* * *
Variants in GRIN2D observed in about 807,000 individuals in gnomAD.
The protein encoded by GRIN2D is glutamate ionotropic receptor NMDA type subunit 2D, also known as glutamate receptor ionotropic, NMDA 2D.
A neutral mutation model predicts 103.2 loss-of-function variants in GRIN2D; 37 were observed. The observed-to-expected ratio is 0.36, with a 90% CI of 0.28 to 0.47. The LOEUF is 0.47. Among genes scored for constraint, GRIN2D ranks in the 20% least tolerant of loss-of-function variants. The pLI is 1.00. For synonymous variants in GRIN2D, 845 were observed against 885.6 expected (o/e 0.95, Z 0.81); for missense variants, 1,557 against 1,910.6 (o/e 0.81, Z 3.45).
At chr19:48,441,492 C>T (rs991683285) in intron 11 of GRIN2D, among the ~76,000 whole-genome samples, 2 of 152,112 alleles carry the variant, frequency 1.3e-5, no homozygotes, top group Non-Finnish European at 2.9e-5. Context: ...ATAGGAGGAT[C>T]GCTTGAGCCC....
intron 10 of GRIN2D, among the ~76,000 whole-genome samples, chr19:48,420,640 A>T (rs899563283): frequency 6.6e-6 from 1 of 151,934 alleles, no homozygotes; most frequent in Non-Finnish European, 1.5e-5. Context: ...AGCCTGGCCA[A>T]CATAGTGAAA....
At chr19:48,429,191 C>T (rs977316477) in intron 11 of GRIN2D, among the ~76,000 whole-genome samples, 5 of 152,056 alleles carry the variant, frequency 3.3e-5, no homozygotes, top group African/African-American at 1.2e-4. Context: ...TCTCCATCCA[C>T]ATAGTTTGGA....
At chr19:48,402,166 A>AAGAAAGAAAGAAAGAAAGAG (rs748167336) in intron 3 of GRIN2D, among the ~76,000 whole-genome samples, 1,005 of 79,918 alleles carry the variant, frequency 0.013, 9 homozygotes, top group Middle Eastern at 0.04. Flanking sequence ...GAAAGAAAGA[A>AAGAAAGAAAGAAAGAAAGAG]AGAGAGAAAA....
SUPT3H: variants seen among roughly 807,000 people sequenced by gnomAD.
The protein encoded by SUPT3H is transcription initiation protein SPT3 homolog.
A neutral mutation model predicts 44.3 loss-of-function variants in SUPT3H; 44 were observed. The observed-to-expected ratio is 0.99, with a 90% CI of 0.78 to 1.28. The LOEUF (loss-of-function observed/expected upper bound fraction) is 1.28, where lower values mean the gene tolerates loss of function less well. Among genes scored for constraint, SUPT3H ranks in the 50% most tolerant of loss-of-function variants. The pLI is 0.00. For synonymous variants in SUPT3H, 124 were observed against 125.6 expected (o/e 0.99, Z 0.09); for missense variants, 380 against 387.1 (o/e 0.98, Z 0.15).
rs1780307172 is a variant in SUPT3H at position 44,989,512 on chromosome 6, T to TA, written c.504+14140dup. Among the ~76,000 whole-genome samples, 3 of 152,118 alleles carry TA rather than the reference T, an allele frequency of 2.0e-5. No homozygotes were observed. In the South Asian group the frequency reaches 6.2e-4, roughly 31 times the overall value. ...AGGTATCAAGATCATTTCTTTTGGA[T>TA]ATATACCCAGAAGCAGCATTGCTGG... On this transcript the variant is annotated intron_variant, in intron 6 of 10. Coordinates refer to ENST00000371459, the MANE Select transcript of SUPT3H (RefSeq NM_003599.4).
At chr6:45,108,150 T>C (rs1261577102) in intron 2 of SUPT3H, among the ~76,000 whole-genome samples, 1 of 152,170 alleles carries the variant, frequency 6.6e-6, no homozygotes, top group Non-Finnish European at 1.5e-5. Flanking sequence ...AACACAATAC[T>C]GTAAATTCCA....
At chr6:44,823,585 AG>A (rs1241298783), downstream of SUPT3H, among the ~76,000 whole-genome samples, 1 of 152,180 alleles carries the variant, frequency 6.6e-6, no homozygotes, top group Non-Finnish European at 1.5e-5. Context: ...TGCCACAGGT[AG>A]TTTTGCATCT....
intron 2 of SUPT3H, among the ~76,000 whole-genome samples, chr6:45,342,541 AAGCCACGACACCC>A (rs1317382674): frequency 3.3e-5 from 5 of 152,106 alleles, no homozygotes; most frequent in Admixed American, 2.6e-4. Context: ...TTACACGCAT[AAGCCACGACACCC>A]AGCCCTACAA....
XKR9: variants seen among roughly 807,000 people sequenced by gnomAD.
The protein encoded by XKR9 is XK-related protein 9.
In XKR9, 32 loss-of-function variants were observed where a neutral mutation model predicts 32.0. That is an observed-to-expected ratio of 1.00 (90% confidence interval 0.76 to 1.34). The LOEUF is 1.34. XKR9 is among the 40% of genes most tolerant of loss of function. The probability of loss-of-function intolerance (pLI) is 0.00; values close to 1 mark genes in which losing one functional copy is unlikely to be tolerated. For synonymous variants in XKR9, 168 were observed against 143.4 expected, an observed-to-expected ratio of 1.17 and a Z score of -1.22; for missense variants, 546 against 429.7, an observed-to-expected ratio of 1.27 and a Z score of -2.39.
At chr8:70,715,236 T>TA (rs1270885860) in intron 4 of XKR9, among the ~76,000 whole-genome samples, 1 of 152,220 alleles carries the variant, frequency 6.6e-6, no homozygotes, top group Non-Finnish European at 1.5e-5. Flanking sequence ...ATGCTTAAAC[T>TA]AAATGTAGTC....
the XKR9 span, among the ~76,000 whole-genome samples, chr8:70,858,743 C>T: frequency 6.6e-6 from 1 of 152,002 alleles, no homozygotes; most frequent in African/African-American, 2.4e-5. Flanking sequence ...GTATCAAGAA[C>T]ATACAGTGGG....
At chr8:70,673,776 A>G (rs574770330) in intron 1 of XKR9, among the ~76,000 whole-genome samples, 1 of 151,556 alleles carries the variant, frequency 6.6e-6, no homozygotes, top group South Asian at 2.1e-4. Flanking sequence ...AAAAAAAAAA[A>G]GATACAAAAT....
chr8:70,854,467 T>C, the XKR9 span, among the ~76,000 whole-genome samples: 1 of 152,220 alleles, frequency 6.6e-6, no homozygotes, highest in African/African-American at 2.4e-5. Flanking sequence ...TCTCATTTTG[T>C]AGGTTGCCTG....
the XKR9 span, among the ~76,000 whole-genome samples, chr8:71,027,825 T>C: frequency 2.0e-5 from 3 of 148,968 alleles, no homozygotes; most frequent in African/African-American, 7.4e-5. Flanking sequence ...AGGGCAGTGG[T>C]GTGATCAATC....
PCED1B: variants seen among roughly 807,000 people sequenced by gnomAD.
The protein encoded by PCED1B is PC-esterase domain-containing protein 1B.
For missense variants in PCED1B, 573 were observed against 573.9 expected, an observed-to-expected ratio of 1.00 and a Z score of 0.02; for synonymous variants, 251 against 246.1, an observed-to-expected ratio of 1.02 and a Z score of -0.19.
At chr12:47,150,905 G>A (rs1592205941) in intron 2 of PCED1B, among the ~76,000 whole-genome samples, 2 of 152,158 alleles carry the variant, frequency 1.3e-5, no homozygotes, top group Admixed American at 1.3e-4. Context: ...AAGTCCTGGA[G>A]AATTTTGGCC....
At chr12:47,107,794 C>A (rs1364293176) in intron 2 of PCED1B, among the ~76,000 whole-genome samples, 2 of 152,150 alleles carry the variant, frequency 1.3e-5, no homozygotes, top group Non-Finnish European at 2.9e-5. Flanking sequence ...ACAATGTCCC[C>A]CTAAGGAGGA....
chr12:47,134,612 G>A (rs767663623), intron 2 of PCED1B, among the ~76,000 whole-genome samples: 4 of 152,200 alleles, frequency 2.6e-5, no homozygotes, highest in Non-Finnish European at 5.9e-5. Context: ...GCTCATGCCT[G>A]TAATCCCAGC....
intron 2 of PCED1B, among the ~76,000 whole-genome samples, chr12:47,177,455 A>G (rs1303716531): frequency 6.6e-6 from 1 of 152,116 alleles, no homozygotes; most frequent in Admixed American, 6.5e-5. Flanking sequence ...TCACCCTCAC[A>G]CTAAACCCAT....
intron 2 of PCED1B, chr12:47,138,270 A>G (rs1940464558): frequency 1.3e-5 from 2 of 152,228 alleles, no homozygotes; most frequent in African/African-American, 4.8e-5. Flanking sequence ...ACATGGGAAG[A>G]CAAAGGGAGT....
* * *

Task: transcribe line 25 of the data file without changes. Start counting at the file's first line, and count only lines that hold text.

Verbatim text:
For missense variants in PCED1B, 573 were observed against 573.9 expected, an observed-to-expected ratio of 1.00 and a Z score of 0.02; for synonymous variants, 251 against 246.1, an observed-to-expected ratio of 1.02 and a Z score of -0.19.